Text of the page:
Now we get into personal patterns and symbology. I looked for First Nations symbols for Seasons ... going through some stuff so I'm trying to remember that everything passes "to everything there is a Season" and all that. The balloons on strings on the left  bottom is actually the symbol of winter. The diamond divided in 4 = Seasons. As you can see, not a whole lot of the original collaged substrate is showing once the paint starts to get introduced. And yet? It's all still there.

As per usual it became a tad overwrought, something I'm trying to change. I want a much rougher or rawer final product. Which I didn't quite achieve. I stopped here. But knew I'd have to go back in the morning.

And this is where I stopped. I realized I'd gone too far and would only be treading the same bit of water if I kept on. There are bits I absolutely adore ... the background behind the 3 circles on the center left. And the triangles and scribbled red bits (using new-to-me Golden Fluid Acrylic pens ... OMG swoon!) have the rawness I'm after. Everything else? Giant "meh".


PS It's nice to be back and I apologize if you got a flood of old posts by email. Technology. *sigh* #amiright

Forest Assemblages

Back story

Late Summer, Fall and most of Winter this past year, saw me spend an hour or two walking in our woods. Tom, my husband, discovered his naturalist side in retirement and he's now listening when I say, "Oh. This is wintergreen. Smell!" or "Taste this!" as I hand him purslane or sheep sorrel. Only took 30 years. :)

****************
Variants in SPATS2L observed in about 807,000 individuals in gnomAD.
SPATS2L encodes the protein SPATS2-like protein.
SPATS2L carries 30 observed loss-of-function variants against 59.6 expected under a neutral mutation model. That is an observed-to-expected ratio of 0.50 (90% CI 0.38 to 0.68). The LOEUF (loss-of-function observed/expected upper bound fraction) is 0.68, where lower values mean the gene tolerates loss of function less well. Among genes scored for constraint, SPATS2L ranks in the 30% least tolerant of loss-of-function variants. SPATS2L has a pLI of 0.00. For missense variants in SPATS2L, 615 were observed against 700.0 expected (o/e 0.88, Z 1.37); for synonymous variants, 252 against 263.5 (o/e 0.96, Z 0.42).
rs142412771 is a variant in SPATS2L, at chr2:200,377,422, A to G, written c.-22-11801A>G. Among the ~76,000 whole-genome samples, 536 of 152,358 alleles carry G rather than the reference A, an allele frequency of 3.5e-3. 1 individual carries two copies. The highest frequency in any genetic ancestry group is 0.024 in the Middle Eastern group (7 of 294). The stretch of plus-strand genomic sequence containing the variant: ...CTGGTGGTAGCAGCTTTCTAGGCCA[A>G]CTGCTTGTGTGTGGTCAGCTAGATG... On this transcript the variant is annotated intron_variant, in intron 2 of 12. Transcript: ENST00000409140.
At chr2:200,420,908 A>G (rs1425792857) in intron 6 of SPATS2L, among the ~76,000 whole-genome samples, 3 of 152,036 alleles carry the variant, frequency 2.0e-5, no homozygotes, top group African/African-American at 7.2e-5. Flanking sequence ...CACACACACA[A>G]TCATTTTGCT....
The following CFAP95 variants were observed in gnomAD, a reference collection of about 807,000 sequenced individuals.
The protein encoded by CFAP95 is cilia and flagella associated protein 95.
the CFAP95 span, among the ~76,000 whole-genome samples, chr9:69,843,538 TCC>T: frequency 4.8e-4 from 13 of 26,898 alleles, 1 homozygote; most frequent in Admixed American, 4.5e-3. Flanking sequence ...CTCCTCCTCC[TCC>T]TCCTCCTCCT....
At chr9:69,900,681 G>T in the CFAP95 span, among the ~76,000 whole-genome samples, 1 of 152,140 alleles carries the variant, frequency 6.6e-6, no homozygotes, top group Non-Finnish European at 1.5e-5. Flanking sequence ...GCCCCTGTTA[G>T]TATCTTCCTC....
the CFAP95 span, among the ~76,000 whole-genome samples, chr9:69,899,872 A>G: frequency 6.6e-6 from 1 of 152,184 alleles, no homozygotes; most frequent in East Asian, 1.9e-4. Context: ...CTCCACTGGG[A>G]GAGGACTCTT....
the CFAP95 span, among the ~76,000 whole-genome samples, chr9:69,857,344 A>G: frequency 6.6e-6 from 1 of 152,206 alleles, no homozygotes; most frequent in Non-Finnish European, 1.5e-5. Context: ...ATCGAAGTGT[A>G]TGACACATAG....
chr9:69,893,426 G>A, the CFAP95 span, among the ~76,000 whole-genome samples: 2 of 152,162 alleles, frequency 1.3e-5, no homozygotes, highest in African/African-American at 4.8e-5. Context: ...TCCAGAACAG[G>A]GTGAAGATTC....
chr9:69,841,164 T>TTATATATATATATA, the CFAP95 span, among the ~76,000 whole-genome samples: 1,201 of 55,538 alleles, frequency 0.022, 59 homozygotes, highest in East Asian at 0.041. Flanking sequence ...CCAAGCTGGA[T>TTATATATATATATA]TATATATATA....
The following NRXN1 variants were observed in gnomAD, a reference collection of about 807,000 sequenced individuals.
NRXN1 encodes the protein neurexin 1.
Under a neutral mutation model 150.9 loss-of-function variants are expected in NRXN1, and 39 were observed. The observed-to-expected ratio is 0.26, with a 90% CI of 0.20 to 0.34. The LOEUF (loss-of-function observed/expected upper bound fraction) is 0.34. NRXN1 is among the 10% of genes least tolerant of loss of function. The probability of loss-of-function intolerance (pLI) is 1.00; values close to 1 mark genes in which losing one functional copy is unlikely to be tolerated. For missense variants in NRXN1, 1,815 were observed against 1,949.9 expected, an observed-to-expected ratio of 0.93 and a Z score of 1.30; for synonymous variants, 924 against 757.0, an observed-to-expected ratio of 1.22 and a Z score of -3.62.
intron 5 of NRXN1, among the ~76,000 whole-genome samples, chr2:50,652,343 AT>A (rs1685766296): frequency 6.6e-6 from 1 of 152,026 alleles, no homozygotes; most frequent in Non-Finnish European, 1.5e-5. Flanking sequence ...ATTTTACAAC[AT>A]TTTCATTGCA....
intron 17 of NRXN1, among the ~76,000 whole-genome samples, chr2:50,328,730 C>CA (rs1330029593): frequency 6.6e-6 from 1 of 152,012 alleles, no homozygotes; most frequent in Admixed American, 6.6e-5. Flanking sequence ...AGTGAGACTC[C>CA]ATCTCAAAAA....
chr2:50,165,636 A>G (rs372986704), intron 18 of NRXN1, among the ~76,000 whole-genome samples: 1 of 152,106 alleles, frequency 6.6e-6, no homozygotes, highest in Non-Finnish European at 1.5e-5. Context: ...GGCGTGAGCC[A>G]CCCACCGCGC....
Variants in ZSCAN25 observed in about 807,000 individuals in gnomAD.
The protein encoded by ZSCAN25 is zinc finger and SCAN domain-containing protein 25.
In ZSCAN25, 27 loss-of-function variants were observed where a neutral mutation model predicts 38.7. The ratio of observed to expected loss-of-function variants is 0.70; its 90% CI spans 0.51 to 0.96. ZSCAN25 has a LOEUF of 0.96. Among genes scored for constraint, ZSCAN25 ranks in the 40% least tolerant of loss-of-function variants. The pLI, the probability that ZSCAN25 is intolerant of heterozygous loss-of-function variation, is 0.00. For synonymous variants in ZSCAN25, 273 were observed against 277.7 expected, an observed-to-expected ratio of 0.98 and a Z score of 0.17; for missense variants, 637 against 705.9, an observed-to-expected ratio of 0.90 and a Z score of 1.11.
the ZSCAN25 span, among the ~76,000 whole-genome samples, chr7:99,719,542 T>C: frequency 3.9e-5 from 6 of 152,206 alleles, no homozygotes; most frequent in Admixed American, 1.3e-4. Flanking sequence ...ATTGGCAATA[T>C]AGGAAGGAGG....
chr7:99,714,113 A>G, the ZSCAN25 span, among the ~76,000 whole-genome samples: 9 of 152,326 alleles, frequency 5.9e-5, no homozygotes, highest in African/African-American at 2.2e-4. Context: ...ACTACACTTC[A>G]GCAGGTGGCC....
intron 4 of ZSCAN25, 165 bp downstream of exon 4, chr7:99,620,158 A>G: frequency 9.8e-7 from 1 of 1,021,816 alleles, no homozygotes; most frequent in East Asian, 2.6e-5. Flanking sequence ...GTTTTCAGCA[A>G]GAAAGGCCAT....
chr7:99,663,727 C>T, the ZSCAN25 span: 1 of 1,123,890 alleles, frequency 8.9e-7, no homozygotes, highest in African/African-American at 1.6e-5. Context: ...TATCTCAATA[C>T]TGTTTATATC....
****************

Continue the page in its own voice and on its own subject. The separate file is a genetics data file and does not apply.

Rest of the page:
Part of living in rural Nova Scotia is dealing with hunters and (worse in my mind) trappers being able to freely use private property to ...well... hunt and trap. As Stella is always with me on my walks, I carry wire cutters at all times. When I also started carrying wire, that was the start of my forest assemblages.

I like putting metal hearts (cut from cans) on my favourite trees. Mainly beech, as it turns out.
Stars go on trees that strike me as being stellar on any given walk.
I'll also pick up sticks and pinecones and stones that beckon; wrap them in wire and create mobiles hung in branches along the multitude of pathways.

Perhaps someday I will create a continuous marker system but mostly they are random occurrences on our 130 acre woodlot.

Making hay

One of the giant differences between assemblage/mixed media work and straight painting is the thought process during construction. When I paint and am stuck ... I tend to move to assemblage. The painting remains on my easel and while I'm working at my table, I can glance back and ponder what comes next. Often. I don't even THINK about it. It just pops into my head while I'm banging away.

Not quite so straight forward with assemblage.
Well. For me at least.

 Many months ago I created this doodle in my travelling art journal ... a copy of Austin Kleon's Steal Like An Artist which resides in my purse at all times along with a bag of Sharpies and one of my fave pens (Pilot G-TEC-C4 ... no affiliate. I just LOVE these pens!!)

Original doodle drawing ...
I always figured it'd end up being an assemblage and thought it would be a perfect addition to my "Home. Wish You Were Here." project.

With some modifications of course.

Working through the steps on paper ...